Well, I had a shiny new toy in hand and was leaving on a camping trip the following morning to New York in the Finger Lakes State Forest. The first opportunity to try the stove was just a usage, not a trial. I didn’t set up a timer or take a temperature reading. Dinner consisted of a dehydrated meal I had brought which required ¾ of a cup of boiling water. My meal consisted of burger gravel, a half a pack of gravy mix, a portion of powdered milk, and a half a pack of instant potatoes – very good stuff. I did decide to fill the pot to the 1 liter line just so I could see how fast it was. Let me put it to you this way in terms of speed. I lit the stove and let it turn red; this took a matter of seconds. I placed the pot on the stove, went about digging out my utensils, grabbed a hand full of trail mix, and began talking to others that were making their meals. When I turned around to check how things were coming I was shocked to see that not only was it boiling but it was at a rolling boil with the lid vibrating and looked to have been for a few moments at least. There were fellow gear heads along on the trip so we sat over dinner and discussed this stove compared to that stove and the like. We passed the pot around and the stove to get everyone’s opinion.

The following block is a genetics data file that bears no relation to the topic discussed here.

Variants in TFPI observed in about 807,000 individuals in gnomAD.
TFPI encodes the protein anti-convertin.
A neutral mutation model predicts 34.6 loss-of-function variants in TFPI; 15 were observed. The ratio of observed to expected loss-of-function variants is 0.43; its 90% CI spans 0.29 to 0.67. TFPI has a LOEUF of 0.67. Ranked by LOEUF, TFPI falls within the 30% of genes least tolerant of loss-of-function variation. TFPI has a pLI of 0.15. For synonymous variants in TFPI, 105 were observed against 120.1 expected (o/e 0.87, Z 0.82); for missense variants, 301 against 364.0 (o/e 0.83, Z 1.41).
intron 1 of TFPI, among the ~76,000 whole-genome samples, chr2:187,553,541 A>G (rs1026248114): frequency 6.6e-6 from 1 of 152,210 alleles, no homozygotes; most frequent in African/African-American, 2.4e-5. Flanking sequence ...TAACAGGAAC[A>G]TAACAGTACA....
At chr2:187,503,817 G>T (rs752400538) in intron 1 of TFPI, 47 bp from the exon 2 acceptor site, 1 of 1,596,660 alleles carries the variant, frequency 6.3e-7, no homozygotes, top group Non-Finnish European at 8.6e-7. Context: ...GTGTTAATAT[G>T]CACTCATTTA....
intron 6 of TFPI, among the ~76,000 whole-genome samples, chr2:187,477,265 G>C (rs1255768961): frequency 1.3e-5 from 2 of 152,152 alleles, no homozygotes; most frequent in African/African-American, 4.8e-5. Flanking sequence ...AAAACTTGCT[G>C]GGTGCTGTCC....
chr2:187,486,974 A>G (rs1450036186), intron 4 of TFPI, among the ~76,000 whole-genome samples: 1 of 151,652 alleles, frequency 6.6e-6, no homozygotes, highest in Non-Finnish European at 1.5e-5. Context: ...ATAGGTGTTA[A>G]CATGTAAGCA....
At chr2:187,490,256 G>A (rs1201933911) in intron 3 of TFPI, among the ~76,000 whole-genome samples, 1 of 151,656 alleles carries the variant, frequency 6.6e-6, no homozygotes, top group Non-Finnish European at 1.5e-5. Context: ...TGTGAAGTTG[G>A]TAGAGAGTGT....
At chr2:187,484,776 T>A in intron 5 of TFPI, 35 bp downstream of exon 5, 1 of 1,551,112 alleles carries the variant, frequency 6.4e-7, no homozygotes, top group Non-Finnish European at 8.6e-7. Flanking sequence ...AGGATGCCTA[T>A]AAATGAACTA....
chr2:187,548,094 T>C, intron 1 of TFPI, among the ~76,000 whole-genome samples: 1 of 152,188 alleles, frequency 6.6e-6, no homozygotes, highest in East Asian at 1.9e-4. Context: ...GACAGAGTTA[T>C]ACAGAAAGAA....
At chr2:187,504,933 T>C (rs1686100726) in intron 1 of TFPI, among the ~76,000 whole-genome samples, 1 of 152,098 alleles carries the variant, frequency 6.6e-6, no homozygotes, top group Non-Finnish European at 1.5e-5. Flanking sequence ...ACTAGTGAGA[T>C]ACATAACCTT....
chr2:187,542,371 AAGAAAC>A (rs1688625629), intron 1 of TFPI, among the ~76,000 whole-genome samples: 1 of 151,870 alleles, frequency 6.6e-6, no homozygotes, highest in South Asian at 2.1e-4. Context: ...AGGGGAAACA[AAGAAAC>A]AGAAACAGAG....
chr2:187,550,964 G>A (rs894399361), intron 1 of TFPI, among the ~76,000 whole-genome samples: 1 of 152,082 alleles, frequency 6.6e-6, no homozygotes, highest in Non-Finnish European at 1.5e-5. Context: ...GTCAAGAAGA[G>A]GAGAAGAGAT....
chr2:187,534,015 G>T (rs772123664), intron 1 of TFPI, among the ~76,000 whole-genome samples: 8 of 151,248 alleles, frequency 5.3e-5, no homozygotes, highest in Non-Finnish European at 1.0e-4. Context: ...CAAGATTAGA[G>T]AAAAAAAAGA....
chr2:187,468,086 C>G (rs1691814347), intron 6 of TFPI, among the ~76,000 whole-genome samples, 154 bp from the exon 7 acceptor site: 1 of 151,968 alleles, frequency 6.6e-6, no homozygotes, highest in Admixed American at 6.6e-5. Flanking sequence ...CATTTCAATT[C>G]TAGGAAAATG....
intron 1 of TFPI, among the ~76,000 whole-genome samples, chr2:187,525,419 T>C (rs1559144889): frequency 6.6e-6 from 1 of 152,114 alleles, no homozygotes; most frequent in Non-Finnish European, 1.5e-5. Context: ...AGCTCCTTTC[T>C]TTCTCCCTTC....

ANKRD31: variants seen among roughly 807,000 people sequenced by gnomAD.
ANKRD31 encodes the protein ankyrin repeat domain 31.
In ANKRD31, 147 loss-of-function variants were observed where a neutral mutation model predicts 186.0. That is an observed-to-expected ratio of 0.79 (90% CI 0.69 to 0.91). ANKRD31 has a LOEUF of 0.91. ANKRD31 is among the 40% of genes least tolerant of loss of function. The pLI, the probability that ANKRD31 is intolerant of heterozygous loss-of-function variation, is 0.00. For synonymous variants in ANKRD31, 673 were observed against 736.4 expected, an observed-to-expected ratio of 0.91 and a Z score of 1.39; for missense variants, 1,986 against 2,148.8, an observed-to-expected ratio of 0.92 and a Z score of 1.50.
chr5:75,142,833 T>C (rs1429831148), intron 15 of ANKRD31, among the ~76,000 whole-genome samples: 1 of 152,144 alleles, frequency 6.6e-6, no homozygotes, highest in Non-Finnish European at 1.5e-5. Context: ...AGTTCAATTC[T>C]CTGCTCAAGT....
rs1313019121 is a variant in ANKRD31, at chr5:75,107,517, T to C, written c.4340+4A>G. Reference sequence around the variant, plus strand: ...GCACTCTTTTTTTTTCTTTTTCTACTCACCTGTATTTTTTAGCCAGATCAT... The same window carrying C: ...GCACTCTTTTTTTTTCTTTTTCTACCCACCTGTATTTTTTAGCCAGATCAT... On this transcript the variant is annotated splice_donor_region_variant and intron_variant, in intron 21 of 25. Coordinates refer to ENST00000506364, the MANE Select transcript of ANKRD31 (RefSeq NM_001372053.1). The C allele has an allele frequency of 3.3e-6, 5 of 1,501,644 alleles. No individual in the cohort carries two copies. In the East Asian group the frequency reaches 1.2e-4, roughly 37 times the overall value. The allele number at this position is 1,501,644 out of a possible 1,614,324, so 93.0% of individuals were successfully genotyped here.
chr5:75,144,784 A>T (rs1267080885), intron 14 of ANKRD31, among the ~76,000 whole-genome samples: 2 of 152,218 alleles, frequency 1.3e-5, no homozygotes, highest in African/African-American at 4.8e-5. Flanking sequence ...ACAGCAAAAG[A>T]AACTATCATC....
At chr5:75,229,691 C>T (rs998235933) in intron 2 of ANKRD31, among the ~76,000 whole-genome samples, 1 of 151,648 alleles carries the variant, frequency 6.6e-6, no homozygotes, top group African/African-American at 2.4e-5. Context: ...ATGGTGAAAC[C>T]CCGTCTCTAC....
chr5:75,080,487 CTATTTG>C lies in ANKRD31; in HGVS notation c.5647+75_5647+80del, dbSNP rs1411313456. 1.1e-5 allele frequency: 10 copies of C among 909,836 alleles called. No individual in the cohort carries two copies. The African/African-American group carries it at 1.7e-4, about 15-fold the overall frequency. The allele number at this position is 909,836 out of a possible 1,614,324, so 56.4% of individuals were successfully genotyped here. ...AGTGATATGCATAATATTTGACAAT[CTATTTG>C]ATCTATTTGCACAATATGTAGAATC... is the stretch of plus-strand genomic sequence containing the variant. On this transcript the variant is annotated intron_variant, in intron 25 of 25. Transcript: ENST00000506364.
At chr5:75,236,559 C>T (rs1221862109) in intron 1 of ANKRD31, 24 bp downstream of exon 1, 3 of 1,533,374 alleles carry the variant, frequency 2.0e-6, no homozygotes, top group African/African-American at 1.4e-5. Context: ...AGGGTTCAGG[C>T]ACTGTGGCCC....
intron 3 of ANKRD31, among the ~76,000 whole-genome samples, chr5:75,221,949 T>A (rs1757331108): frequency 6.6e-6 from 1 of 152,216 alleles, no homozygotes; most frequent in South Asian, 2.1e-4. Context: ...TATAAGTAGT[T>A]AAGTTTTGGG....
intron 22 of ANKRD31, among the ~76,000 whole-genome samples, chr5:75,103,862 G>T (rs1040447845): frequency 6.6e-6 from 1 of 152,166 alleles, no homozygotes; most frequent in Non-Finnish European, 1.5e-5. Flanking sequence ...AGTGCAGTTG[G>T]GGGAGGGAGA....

Once everyone was fairly hyped up about it we decided to conduct a little more stringent test. The air temperature for our test was 58.5 degrees Fahrenheit. The water used was out of a bottle that had been outside for the duration so I believe it was the same temperature. We decided to use 1 liter for our test. It is worth noting that the literature with the stove claims that it will boil the first liter out of a fuel bottle in 3 minutes and the last boil in about 3:30. This is due to the fact that the stove has an internal pressure regulator that is designed to keep the fuel at a constant pressure through the bottles life. The stove was lit, the timer prepared, and as the pot was set into place the timer was activated. I have to try to express the funny thought I had as we all stood around and eagerly awaited the boil. No one was really talking or even looking away. This was a group of 8 men literally transfixed by the proposed speed of this systems boil. It was as if no one could look away from the pot for fear of the first wisps of escaping water vapor being lost. In the end everyone was pleased with the results. At a time of 2:45 bubbles began to form and at 3:01 the old adage of “a watched pot never boils” was broken 8 times over, and in roughly 3 minutes time. Quite a ways short of “never” I think you’ll agree.